Don’t Overdo a Good Thing
If you find honey, eat just enough—too much of it, and you will vomit.
As a child I loved pears. One day, a friend and I found a pear tree with some juicy ripe fruit on it. Before long, I was sick of pears and my stomach was reeling. I didn’t eat another pear for years. Such is the penalty we pay when we overindulge in the otherwise good things that God has given us to enjoy.
Today, I am tempted by peanut butter, mayonnaise, sour-dough bread, cookies, and ice cream, just to mention a few delicacies. I’m not really afraid of vomiting after eating any of these foods: I guess I’ve outgrown that phase. But I am afraid of the pounds they add to my frame. It’s food you can wear. We are tempted to overindulge with our eyes, feasting on too much TV. We’re tempted to listen to too much secular music or too many talk shows on the radio. These things aren’t necessarily wrong in and of themselves, but too much of them will begin to show up in a flabby spirituality and walk with God.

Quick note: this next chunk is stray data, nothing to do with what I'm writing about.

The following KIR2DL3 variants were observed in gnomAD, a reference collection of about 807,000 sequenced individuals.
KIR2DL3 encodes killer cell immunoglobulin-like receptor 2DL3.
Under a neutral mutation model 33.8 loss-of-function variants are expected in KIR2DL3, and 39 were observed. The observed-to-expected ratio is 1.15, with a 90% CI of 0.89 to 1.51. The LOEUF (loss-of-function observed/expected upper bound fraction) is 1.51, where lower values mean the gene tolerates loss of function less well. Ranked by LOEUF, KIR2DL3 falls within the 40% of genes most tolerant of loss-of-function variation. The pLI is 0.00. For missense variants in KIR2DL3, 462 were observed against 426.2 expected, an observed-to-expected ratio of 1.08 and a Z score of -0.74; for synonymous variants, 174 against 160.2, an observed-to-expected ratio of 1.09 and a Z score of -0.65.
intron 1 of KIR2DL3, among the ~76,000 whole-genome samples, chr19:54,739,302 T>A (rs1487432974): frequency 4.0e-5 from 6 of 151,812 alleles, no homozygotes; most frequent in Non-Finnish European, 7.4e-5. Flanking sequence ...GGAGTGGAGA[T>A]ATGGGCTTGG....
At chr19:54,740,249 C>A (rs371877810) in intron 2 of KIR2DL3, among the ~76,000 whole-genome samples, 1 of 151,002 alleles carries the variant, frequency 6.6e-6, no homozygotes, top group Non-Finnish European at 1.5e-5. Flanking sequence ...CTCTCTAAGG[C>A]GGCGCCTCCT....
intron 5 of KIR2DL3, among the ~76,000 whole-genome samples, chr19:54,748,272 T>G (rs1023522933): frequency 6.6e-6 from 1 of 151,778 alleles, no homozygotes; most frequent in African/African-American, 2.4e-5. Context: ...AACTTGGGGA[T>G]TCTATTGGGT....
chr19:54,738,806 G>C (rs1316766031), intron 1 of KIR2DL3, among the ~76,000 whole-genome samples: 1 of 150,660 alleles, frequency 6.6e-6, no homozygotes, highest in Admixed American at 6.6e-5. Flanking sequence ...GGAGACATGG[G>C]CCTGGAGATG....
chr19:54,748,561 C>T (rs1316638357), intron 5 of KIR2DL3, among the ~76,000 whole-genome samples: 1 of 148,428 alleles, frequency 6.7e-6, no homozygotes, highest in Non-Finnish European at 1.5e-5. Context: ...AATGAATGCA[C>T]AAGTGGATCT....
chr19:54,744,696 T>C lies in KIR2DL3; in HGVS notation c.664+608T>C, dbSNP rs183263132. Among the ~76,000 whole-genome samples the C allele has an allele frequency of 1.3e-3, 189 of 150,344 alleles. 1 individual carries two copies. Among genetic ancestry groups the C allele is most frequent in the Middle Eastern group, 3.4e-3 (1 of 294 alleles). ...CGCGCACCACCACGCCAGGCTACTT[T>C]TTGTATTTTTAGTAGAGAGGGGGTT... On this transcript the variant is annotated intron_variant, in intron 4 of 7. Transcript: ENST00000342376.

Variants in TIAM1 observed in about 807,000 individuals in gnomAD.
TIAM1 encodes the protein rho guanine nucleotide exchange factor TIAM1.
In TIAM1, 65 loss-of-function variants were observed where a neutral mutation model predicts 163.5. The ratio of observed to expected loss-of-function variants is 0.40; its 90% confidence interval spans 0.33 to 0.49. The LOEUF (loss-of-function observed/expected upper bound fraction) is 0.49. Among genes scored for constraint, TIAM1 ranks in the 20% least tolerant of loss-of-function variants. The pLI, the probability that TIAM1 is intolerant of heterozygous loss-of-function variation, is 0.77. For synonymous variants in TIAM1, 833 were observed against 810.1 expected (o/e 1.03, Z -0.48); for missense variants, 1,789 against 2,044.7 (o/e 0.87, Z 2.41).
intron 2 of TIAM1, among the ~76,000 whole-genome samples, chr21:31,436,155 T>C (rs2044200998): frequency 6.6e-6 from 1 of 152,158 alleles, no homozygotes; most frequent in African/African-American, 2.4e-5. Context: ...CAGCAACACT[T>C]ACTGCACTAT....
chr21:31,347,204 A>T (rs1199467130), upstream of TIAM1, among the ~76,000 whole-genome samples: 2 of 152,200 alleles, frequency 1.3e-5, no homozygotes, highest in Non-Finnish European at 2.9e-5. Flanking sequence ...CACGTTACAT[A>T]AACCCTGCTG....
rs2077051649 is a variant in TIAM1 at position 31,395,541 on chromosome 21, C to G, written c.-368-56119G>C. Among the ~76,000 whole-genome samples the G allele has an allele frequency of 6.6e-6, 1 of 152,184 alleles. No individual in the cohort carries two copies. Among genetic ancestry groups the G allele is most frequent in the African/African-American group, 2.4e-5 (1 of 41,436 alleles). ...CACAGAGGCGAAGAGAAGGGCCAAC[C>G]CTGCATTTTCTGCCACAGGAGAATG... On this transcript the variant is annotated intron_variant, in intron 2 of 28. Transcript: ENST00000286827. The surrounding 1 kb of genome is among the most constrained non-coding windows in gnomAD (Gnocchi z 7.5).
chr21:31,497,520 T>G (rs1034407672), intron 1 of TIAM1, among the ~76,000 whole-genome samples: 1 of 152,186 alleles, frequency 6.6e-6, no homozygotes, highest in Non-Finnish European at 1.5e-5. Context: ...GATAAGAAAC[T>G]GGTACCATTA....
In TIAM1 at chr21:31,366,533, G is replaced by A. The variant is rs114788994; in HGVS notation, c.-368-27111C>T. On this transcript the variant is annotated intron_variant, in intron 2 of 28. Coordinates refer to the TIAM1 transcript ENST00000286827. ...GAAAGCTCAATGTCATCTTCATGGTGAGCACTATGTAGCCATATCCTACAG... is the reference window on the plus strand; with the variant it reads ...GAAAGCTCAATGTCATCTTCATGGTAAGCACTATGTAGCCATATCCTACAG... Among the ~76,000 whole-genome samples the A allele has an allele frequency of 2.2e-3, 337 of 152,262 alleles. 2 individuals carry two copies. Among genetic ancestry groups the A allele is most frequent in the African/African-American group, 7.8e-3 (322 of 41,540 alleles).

Of God’s honey, no amount is too much. We are called to feed on the Word of God, to desire its sweetness, and to be gorged on its power (1 Peter 2:2; James 1:25). We are to put the Word into practice as we grow from spiritual babies to mature Christians (Hebrews 5:11-14). Feast on the honey of the Word of God and go easy on the honey of the natural world. God has prepared a place for us that is overflowing with the milk and honey of an eternity with Him.
Samson. He killed a lion with his bare hands, leaving its carcass to rot on the ground. Sometime later he saw that it housed a hive of bees. He scooped out some of the honey and went on his way, dreaming up a riddle about it. Samson was a man who always seemed to overindulge in sensual pleasures. Ultimately, it got the best of him (Judges 14:1–16:31).
Prayer of Application
Lord, thank You for the many pleasures You give me freely to enjoy. But help me to not let any have power over me. Although all things are legal for me, all things are not expedient.
Copyright 2014 – Robert C. Beasley